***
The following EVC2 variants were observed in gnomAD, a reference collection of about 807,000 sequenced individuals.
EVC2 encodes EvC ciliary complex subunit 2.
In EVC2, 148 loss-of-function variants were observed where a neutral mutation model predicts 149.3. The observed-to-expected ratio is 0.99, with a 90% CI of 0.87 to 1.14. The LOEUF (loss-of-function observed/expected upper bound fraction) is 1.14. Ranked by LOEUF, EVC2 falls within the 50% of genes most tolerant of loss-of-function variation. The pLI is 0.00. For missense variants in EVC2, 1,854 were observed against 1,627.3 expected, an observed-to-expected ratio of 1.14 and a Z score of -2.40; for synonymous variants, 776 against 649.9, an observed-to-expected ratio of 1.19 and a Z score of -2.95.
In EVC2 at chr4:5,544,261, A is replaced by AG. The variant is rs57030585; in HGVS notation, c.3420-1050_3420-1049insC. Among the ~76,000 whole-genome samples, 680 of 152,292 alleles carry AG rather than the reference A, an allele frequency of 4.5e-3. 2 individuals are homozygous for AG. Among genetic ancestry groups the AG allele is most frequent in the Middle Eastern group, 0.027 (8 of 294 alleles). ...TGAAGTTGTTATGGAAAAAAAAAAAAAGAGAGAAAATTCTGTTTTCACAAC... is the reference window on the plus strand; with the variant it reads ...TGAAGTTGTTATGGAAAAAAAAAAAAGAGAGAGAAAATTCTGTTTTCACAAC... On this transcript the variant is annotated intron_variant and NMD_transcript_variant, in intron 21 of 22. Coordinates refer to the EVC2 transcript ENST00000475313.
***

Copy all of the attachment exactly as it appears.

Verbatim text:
The following EVC2 variants were observed in gnomAD, a reference collection of about 807,000 sequenced individuals.
EVC2 encodes EvC ciliary complex subunit 2.
In EVC2, 148 loss-of-function variants were observed where a neutral mutation model predicts 149.3. The observed-to-expected ratio is 0.99, with a 90% CI of 0.87 to 1.14. The LOEUF (loss-of-function observed/expected upper bound fraction) is 1.14. Ranked by LOEUF, EVC2 falls within the 50% of genes most tolerant of loss-of-function variation. The pLI is 0.00. For missense variants in EVC2, 1,854 were observed against 1,627.3 expected, an observed-to-expected ratio of 1.14 and a Z score of -2.40; for synonymous variants, 776 against 649.9, an observed-to-expected ratio of 1.19 and a Z score of -2.95.
In EVC2 at chr4:5,544,261, A is replaced by AG. The variant is rs57030585; in HGVS notation, c.3420-1050_3420-1049insC. Among the ~76,000 whole-genome samples, 680 of 152,292 alleles carry AG rather than the reference A, an allele frequency of 4.5e-3. 2 individuals are homozygous for AG. Among genetic ancestry groups the AG allele is most frequent in the Middle Eastern group, 0.027 (8 of 294 alleles). ...TGAAGTTGTTATGGAAAAAAAAAAAAAGAGAGAAAATTCTGTTTTCACAAC... is the reference window on the plus strand; with the variant it reads ...TGAAGTTGTTATGGAAAAAAAAAAAAGAGAGAGAAAATTCTGTTTTCACAAC... On this transcript the variant is annotated intron_variant and NMD_transcript_variant, in intron 21 of 22. Coordinates refer to the EVC2 transcript ENST00000475313.